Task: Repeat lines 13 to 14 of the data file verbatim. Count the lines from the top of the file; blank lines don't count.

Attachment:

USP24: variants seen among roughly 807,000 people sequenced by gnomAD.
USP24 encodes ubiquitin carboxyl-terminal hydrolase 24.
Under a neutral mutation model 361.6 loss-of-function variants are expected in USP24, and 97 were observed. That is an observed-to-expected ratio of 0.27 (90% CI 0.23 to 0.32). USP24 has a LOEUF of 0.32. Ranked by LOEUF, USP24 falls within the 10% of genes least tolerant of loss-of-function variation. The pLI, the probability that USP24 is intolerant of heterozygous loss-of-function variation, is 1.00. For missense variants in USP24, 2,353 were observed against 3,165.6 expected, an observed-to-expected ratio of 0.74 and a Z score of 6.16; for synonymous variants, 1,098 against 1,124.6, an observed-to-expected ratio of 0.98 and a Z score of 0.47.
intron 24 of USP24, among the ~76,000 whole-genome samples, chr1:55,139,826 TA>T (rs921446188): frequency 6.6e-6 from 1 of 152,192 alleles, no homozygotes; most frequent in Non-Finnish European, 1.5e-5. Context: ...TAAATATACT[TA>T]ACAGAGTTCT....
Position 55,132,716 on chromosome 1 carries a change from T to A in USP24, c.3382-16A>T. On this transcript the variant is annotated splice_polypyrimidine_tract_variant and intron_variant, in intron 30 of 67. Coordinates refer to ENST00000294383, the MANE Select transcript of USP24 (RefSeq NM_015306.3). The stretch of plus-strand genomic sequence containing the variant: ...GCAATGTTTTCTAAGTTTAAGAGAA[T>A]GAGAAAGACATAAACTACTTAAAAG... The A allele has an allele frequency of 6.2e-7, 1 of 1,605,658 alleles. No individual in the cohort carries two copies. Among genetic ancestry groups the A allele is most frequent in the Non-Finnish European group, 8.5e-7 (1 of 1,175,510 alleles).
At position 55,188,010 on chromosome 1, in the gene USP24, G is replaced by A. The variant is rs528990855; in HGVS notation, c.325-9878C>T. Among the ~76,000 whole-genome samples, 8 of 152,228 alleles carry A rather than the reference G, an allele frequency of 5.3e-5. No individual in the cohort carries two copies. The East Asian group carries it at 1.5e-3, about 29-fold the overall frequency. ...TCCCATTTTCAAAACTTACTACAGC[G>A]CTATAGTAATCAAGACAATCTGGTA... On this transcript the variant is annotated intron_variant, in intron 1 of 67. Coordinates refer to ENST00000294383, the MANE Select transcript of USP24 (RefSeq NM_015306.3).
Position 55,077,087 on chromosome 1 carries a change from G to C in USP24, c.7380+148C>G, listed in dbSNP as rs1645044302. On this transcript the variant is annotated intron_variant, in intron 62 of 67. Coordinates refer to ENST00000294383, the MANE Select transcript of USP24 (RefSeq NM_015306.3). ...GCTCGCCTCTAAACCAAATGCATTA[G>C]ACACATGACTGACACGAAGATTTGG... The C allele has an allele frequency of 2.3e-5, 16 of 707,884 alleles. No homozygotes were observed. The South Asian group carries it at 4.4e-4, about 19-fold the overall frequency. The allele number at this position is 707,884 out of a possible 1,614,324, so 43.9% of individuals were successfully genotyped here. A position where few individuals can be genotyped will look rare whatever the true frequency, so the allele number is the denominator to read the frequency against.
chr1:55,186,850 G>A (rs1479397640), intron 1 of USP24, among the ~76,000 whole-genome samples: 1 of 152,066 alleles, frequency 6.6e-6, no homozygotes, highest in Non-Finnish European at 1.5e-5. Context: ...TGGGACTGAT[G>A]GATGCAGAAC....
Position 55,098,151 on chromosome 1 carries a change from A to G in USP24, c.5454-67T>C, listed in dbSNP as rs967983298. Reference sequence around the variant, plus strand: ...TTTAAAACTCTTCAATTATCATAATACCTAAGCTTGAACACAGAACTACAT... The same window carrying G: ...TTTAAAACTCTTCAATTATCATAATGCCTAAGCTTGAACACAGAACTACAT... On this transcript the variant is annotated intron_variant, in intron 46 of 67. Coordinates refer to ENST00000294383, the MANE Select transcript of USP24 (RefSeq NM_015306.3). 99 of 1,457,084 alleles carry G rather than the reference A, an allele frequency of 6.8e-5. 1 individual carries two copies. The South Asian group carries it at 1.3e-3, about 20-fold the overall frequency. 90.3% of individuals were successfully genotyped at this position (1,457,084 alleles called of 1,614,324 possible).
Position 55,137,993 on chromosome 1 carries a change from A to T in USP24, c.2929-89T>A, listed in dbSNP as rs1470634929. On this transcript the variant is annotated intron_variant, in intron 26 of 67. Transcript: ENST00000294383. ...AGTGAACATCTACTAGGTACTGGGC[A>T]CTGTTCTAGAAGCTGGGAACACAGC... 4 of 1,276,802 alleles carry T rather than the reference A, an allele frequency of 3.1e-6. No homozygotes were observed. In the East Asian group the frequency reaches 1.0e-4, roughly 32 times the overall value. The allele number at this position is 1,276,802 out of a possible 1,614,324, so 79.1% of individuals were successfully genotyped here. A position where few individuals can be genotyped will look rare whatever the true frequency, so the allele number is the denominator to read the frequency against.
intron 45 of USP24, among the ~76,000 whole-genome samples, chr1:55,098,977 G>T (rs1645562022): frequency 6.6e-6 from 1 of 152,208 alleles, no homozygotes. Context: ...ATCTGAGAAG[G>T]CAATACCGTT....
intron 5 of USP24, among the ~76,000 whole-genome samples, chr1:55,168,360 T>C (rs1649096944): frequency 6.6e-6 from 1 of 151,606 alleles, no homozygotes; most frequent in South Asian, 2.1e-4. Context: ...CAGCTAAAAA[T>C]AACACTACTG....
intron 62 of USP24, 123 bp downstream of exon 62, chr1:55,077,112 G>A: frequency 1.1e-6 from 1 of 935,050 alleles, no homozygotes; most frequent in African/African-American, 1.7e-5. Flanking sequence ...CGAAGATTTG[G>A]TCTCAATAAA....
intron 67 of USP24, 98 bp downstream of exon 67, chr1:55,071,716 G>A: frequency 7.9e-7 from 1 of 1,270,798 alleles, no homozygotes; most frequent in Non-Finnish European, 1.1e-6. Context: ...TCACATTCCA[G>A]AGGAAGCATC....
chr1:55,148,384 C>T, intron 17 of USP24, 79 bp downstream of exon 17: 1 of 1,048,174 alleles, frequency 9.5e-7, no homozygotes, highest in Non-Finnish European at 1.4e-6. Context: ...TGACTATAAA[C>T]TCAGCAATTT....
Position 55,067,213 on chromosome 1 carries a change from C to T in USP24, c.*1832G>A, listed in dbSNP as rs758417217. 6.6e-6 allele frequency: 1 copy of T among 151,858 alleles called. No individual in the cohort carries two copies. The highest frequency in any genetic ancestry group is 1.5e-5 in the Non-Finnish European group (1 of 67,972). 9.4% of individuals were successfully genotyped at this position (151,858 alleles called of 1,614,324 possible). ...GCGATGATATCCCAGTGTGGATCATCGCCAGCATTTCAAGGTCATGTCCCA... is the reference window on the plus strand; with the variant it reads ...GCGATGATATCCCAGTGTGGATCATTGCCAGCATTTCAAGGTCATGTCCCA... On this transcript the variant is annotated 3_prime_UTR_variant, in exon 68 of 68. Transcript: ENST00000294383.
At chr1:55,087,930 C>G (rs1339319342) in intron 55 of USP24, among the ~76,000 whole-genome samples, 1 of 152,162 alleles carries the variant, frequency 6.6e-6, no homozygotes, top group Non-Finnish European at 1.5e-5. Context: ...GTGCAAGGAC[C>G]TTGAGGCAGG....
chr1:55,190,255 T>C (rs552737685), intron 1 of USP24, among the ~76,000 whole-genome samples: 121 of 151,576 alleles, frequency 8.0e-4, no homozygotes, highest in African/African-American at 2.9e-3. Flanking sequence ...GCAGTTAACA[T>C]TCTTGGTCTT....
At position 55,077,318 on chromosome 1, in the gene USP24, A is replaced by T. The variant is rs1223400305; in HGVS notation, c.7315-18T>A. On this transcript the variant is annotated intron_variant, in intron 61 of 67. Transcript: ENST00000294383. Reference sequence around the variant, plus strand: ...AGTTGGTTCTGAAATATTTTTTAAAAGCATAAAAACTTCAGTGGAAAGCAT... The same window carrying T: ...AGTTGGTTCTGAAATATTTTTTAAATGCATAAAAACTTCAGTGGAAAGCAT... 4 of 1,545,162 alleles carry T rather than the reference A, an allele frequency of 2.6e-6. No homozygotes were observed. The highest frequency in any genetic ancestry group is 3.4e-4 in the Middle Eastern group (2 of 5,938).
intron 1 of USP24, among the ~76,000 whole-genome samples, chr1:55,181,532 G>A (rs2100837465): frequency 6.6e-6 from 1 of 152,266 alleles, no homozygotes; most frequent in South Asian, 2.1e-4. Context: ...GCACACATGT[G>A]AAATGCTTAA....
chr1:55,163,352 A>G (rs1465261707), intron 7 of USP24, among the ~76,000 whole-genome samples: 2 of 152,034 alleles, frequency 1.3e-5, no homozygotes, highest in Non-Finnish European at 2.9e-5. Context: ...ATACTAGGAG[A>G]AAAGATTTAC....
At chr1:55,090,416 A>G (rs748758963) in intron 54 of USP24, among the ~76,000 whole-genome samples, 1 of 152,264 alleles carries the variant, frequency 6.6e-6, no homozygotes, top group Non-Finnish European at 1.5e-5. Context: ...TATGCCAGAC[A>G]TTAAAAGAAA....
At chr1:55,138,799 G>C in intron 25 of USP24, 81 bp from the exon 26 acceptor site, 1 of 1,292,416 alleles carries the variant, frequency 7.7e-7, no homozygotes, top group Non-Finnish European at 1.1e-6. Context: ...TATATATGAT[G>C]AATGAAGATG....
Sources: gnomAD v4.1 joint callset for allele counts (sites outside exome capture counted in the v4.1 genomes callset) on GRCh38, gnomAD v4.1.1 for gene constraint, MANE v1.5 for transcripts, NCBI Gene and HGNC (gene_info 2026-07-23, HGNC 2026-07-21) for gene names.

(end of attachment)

intron 62 of USP24, 123 bp downstream of exon 62, chr1:55,077,112 G>A: frequency 1.1e-6 from 1 of 935,050 alleles, no homozygotes; most frequent in African/African-American, 1.7e-5. Flanking sequence ...CGAAGATTTG[G>A]TCTCAATAAA....
intron 67 of USP24, 98 bp downstream of exon 67, chr1:55,071,716 G>A: frequency 7.9e-7 from 1 of 1,270,798 alleles, no homozygotes; most frequent in Non-Finnish European, 1.1e-6. Context: ...TCACATTCCA[G>A]AGGAAGCATC....